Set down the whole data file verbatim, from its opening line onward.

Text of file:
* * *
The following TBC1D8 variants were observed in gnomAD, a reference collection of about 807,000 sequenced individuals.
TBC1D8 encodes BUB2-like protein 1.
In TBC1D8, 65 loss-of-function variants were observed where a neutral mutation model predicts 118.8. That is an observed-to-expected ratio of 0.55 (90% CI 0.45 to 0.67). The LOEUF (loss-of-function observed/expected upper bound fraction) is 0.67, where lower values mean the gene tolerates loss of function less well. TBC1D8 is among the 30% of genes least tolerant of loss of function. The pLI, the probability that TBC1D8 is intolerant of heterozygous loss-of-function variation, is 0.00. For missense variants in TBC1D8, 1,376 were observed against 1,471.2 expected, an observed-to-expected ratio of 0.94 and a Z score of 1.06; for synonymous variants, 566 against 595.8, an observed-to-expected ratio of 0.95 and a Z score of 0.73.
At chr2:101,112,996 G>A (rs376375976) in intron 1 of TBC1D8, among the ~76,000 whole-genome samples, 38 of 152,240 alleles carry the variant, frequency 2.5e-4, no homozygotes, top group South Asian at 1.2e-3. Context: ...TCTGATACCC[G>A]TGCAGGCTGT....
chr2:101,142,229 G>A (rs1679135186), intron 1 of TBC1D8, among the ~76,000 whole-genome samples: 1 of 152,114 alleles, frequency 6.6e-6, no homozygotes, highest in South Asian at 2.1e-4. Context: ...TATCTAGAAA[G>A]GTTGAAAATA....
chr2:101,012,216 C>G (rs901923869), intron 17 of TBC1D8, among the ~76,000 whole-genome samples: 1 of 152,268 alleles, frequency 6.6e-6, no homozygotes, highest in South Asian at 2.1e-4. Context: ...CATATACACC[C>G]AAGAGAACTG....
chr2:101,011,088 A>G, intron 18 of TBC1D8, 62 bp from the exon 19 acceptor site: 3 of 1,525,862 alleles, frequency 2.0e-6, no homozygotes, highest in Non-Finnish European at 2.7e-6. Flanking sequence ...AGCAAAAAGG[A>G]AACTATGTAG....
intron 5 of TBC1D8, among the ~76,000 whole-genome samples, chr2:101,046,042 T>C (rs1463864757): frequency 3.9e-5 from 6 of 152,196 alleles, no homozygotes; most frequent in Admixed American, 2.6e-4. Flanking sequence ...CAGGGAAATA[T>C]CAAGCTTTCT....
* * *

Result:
The following TBC1D8 variants were observed in gnomAD, a reference collection of about 807,000 sequenced individuals.
TBC1D8 encodes BUB2-like protein 1.
In TBC1D8, 65 loss-of-function variants were observed where a neutral mutation model predicts 118.8. That is an observed-to-expected ratio of 0.55 (90% CI 0.45 to 0.67). The LOEUF (loss-of-function observed/expected upper bound fraction) is 0.67, where lower values mean the gene tolerates loss of function less well. TBC1D8 is among the 30% of genes least tolerant of loss of function. The pLI, the probability that TBC1D8 is intolerant of heterozygous loss-of-function variation, is 0.00. For missense variants in TBC1D8, 1,376 were observed against 1,471.2 expected, an observed-to-expected ratio of 0.94 and a Z score of 1.06; for synonymous variants, 566 against 595.8, an observed-to-expected ratio of 0.95 and a Z score of 0.73.
At chr2:101,112,996 G>A (rs376375976) in intron 1 of TBC1D8, among the ~76,000 whole-genome samples, 38 of 152,240 alleles carry the variant, frequency 2.5e-4, no homozygotes, top group South Asian at 1.2e-3. Context: ...TCTGATACCC[G>A]TGCAGGCTGT....
chr2:101,142,229 G>A (rs1679135186), intron 1 of TBC1D8, among the ~76,000 whole-genome samples: 1 of 152,114 alleles, frequency 6.6e-6, no homozygotes, highest in South Asian at 2.1e-4. Context: ...TATCTAGAAA[G>A]GTTGAAAATA....
chr2:101,012,216 C>G (rs901923869), intron 17 of TBC1D8, among the ~76,000 whole-genome samples: 1 of 152,268 alleles, frequency 6.6e-6, no homozygotes, highest in South Asian at 2.1e-4. Context: ...CATATACACC[C>G]AAGAGAACTG....
chr2:101,011,088 A>G, intron 18 of TBC1D8, 62 bp from the exon 19 acceptor site: 3 of 1,525,862 alleles, frequency 2.0e-6, no homozygotes, highest in Non-Finnish European at 2.7e-6. Flanking sequence ...AGCAAAAAGG[A>G]AACTATGTAG....
intron 5 of TBC1D8, among the ~76,000 whole-genome samples, chr2:101,046,042 T>C (rs1463864757): frequency 3.9e-5 from 6 of 152,196 alleles, no homozygotes; most frequent in Admixed American, 2.6e-4. Flanking sequence ...CAGGGAAATA[T>C]CAAGCTTTCT....